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OHSU statement on PETA public records lawsuit

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OHSU respects the ruling of Multnomah County Circuit Court Judge Andrew M. Lavin issued on July 6, 2022, in the PETA v. Oregon Health & Science University public records lawsuit. As a public corporation of the state of Oregon, we take seriously our obligation to comply with Oregon Public Records Law and have a long history of transparently responding to public records requests in a timely manner. The lawsuit did not make any allegations regarding the care or treatment of research animals.

In its July 6, 2022 rulings, the court did not declare that OHSU violated Oregon Public Records Law; rather, it ruled that OHSU unreasonably delayed disclosing the videos and photographs responsive to PETA’s 2018 requests and, as a result, that PETA is entitled to $400 in statutory penalties ($200 on each public records claim) plus reasonable attorney’s fees and costs on those two claims alone.

OHSU acknowledges and regrets the delay in disclosure. We have a comprehensive process in place for complying with our obligations under Oregon Public Records Law, and we are continually reviewing that process to identify opportunities for improvement.

With regard to PETA’s two claims that OHSU violated PETA’s free speech, equal protection and privileges and immunities rights, in OHSU’s processing of, and responding to, PETA’s 2018 public records requests, the court explicitly found for OHSU and denied any relief to PETA it had sought on those claims. OHSU does not discriminate amongst public records requestors.

Regarding PETA’s allegation that OHSU Public Safety unlawfully surveilled PETA through receipt of emails from organizations who advocate for animal research, the court declared OHSU Public Safety in violation of the relevant law (ORS 181A.250) and ordered OHSU Public Safety to delete all INA (Information Network Associates) and AMP (Americans for Medical Progress) emails from their electronic records if those emails do not relate to a criminal investigation.

Some members of the OHSU Public Safety team previously were included on an email distribution list for INA and AMP newsletters, which contain publicly available information about anti-animal research public protests and statements -- including statements about OHSU -- for the purpose of staying abreast of potential impacts to OHSU operations, and to help employees be aware of potential threats and disruptions.

OHSU Public Safety stopped subscribing to these or any similar distribution lists in early 2022.

Since OHSU’s processing of PETA’s 2018 public records request for research videos containing voles, PETA has continued to submit public records requests to OHSU with no additional complaints about OHSU’s processing of their requests.

The purpose of the research depicted in the requested videos and photos

Excessive alcohol can lead to serious health consequences and often is associated with devastating effects on social relationships. Specifically, heavy alcohol use is associated with increased rates of separation, divorce and intimate partner violence. Because evaluating what is the cause and what is the effect in this association (the heavy alcohol use or the problems in the social relationship) is practically impossible in humans, the laboratory of Andrey Ryabinin, Ph.D., works with prairie voles.  

Like humans, prairie voles form socially monogamous bonds between opposite-sex and same-sex mates, and both parents care for their offspring. Additionally, the mechanisms found to regulate such bonds in prairie voles have been shown to play a role in human relationships.* Consequently, research findings in prairie voles help identify mechanisms regulating social bonds in humans. Additionally, prairie voles happen to like alcohol solutions and prefer them over water when given access, and consumption of alcohol does not result in any visible health disturbances among the prairie voles.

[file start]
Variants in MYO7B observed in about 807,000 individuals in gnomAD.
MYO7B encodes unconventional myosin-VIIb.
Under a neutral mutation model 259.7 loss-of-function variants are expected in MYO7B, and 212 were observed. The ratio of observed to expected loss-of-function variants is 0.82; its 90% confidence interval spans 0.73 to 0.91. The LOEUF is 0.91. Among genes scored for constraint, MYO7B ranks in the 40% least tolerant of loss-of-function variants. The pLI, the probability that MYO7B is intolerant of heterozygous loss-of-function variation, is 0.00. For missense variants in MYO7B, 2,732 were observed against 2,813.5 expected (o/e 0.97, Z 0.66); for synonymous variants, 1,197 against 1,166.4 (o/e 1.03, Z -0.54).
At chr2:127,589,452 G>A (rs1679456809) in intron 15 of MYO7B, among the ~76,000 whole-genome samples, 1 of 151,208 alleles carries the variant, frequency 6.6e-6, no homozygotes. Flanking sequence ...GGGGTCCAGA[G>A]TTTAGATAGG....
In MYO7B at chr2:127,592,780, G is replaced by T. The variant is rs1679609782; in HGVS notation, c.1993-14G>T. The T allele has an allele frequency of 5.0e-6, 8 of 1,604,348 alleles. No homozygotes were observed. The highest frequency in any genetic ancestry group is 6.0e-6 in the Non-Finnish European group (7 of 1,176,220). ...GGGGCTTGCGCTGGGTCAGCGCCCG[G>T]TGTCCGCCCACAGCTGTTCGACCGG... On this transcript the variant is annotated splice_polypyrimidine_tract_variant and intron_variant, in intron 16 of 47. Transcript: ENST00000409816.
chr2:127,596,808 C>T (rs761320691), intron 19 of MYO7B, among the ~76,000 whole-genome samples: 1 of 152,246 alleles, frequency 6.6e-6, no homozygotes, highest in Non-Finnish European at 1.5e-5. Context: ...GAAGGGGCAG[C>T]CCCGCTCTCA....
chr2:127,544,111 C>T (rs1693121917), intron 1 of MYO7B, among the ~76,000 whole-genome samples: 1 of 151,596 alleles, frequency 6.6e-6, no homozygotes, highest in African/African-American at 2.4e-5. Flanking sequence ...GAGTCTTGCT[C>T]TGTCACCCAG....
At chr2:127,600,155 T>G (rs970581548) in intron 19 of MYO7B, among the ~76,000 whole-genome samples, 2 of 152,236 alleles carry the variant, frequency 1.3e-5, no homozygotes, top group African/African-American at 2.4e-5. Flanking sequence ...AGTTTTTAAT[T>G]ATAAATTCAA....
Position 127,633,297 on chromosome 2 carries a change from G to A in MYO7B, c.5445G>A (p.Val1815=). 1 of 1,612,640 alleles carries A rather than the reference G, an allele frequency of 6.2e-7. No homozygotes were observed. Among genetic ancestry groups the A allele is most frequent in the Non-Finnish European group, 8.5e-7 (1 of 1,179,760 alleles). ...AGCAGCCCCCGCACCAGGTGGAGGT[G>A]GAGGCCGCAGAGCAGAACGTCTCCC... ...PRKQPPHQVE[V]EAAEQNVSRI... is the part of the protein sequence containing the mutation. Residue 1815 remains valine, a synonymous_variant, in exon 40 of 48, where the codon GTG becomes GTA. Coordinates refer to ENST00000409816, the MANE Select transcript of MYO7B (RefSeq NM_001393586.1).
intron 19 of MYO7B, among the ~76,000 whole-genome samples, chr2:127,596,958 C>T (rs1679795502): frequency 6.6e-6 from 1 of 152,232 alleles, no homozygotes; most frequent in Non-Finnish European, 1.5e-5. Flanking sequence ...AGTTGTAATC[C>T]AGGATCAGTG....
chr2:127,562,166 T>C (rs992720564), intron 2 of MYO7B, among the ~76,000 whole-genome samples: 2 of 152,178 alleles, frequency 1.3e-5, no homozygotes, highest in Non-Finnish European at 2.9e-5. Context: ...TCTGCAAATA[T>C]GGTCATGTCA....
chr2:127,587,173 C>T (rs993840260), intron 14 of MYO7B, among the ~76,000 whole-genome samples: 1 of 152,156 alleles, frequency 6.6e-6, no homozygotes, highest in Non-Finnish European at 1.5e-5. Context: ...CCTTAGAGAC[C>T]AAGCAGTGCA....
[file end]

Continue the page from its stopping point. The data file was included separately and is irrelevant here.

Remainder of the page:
In the study, “Alcohol’s Effects on Pair-Bond Maintenance in Male Prairie VolesFrontiers in Psychiatry (Nov. 17, 2017), Ryabinin and colleagues sought to determine whether alcohol’s effects on the brain can directly contribute to relationship breakdown. They observed that alcohol inhibits social bonds in male prairie voles, when they, but not their female partner, consume alcohol.

Over the course of the study, they identified two biological mechanisms in the brains of voles that may be responsible for heavy drinking and associated relationship problems. One of the mechanisms identified involving the peptide oxytocin currently is being investigated in human clinical trials as a promising treatment for alcohol use disorder. 

What do the research videos show?

To evaluate alcohol’s effects on social bonding in prairie voles, Dr. Ryabinin and colleagues collected data using two types of videos: the partner preference test and the resident intruder test.

The partner preference test videos (three hours per video) capture the interactions of each of 23 male vole with its female partner and an unfamiliar female vole over the course of three hours. The interactions occur in a three-chambered apparatus. The male is placed in the middle, while each female is located on opposite sides of the apparatus. The male is free to move around the apparatus and visit each of the females. The video captures three of the apparatuses simultaneously.  

Socially bonded males choose to spend much of the three hours sitting next to their female partners. The researchers measure how much time the male vole spends with its partner and how much time it spends with the unfamiliar female. The ratio between these times serves as a measurement of the preference of the male vole for its partner. Previous research has shown this measure is a strong predictor of the strength of the social bond between vole partners. The partner preference test is a unique test for prairie voles, because mice and rats don’t demonstrate partner preference.